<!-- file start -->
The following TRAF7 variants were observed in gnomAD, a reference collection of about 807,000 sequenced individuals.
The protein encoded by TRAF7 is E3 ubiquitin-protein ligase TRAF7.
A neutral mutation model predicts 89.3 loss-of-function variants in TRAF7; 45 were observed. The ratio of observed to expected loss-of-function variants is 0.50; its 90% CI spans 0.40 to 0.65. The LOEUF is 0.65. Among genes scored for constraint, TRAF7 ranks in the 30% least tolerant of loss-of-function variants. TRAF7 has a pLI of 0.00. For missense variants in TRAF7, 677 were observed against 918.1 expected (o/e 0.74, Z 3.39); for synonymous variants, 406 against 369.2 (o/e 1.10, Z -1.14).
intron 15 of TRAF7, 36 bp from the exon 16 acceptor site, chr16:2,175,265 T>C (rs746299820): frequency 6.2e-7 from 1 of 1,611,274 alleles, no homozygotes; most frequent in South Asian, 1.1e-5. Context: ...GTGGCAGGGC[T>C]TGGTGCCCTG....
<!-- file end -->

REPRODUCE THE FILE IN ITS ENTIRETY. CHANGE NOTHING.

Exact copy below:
The following TRAF7 variants were observed in gnomAD, a reference collection of about 807,000 sequenced individuals.
The protein encoded by TRAF7 is E3 ubiquitin-protein ligase TRAF7.
A neutral mutation model predicts 89.3 loss-of-function variants in TRAF7; 45 were observed. The ratio of observed to expected loss-of-function variants is 0.50; its 90% CI spans 0.40 to 0.65. The LOEUF is 0.65. Among genes scored for constraint, TRAF7 ranks in the 30% least tolerant of loss-of-function variants. TRAF7 has a pLI of 0.00. For missense variants in TRAF7, 677 were observed against 918.1 expected (o/e 0.74, Z 3.39); for synonymous variants, 406 against 369.2 (o/e 1.10, Z -1.14).
intron 15 of TRAF7, 36 bp from the exon 16 acceptor site, chr16:2,175,265 T>C (rs746299820): frequency 6.2e-7 from 1 of 1,611,274 alleles, no homozygotes; most frequent in South Asian, 1.1e-5. Context: ...GTGGCAGGGC[T>C]TGGTGCCCTG....